Downsizing business operations is a perfectly acceptable response to economic pressures, and this may lead to an absence of activity for a period of time. This would have been the likely experience of businesses subject to recent lockdown restrictions.
Unfortunately, our obligation to file returns to HMRC does not end if there are no transactions to report on these returns. Three areas where this may occur – and there may be more – are:
- Filing VAT returns
- Filing payroll returns
- Filing CIS returns
This may seem to be over the top, and slightly ridiculous, but our obligation is twofold, to declare any liability and secondly, to file a return to advise HMRC of the amount due, or not due.
The fact that there may be no liability to report to does not relieve us of our responsibility to file a nil return.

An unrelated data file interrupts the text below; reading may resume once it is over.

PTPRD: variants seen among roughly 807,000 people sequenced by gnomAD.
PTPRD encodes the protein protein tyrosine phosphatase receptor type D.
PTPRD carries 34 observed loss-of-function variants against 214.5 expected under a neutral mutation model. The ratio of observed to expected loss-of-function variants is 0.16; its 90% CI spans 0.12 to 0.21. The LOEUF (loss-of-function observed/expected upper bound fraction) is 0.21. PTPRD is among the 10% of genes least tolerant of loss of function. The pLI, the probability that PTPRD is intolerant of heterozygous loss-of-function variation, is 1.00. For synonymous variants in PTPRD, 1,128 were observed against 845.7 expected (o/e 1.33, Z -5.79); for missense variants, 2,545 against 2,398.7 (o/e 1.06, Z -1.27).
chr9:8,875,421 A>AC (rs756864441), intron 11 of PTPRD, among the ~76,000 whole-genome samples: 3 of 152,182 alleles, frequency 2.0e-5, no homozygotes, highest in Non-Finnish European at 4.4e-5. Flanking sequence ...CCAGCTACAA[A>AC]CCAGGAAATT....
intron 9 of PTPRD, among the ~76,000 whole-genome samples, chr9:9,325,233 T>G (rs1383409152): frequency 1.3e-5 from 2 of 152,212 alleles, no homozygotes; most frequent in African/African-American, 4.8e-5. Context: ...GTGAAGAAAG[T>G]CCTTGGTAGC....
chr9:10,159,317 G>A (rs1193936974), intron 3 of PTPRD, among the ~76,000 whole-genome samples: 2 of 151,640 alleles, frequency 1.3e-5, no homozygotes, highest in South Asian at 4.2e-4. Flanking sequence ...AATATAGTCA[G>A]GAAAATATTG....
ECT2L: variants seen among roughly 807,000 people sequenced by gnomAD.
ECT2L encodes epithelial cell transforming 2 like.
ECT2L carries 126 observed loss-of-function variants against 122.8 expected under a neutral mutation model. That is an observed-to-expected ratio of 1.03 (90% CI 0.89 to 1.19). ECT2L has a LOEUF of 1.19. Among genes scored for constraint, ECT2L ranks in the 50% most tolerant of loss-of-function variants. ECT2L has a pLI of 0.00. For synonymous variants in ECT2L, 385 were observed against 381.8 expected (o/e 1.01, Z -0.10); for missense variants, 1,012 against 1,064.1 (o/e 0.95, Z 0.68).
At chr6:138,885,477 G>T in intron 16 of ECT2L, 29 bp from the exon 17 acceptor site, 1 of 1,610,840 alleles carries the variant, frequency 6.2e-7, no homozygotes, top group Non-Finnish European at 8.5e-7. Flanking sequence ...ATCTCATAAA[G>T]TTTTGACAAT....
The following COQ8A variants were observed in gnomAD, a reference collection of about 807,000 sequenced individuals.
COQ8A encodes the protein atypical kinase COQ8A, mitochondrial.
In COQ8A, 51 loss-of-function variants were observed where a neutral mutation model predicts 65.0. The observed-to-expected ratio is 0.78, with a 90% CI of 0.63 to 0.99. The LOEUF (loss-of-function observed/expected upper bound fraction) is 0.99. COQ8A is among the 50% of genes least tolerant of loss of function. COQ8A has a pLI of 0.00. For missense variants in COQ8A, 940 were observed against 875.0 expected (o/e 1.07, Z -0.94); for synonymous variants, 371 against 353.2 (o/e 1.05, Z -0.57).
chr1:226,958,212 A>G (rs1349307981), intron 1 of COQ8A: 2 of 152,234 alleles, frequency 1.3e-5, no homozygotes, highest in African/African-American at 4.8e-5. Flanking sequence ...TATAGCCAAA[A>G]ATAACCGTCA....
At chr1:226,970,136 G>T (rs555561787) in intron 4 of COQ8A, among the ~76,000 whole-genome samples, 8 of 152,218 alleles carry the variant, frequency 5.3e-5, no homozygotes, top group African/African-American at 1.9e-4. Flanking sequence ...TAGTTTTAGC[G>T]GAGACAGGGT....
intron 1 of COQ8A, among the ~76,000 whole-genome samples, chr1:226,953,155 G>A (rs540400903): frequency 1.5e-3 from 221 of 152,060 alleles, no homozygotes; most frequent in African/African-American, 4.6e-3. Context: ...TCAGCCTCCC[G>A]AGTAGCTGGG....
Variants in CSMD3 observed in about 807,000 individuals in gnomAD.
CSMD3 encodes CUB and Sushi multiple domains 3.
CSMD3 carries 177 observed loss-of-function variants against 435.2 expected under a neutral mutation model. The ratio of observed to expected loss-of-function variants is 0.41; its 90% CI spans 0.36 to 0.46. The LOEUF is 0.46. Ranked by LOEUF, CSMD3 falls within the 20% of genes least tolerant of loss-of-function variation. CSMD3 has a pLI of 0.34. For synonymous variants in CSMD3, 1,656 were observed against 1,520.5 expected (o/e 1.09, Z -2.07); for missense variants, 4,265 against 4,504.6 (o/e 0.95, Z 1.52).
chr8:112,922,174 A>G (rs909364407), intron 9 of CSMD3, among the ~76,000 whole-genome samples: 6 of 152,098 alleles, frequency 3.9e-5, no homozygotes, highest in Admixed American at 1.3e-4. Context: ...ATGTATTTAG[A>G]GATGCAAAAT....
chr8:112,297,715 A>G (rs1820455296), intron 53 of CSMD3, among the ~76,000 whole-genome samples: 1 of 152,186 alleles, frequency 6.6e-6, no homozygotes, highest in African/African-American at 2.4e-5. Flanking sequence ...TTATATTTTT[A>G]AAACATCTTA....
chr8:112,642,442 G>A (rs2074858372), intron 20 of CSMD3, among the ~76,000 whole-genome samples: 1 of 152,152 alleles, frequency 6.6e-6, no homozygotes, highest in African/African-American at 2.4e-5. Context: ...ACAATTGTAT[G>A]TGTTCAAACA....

Penalties will apply
The reason for flagging this issue is that if we fail to make the required nil return penalties will apply.
For example, a contractor that is registered under the CIS regulations – to report and pay over any deductions from sub-contractor payments – will be required to submit a monthly return. If a month is skipped because no payments to subbies was made, then HMRC will automatically send a £100 late filing penalty.
HMRC see things differently
HMRC has legislated that the obligation to file a return is, of itself, a requirement that needs to be taken seriously, notwithstanding that there may be no liability to report, and failure to file nil returns will trigger late filing penalties.
Looking at this matter from HMRC’s point of view, you know that there is no liability but the only evidence that HMRC has is that you have failed to file (and possibly are avoiding payment of liabilities).
Nothing to declare
In which case, where it is determined that you make monthly, quarterly or annual returns to HMRC, make sure that nil returns are submitted by the due dates. As far as reporting to HMRC is concerned there is no such thing as nothing to declare.All news
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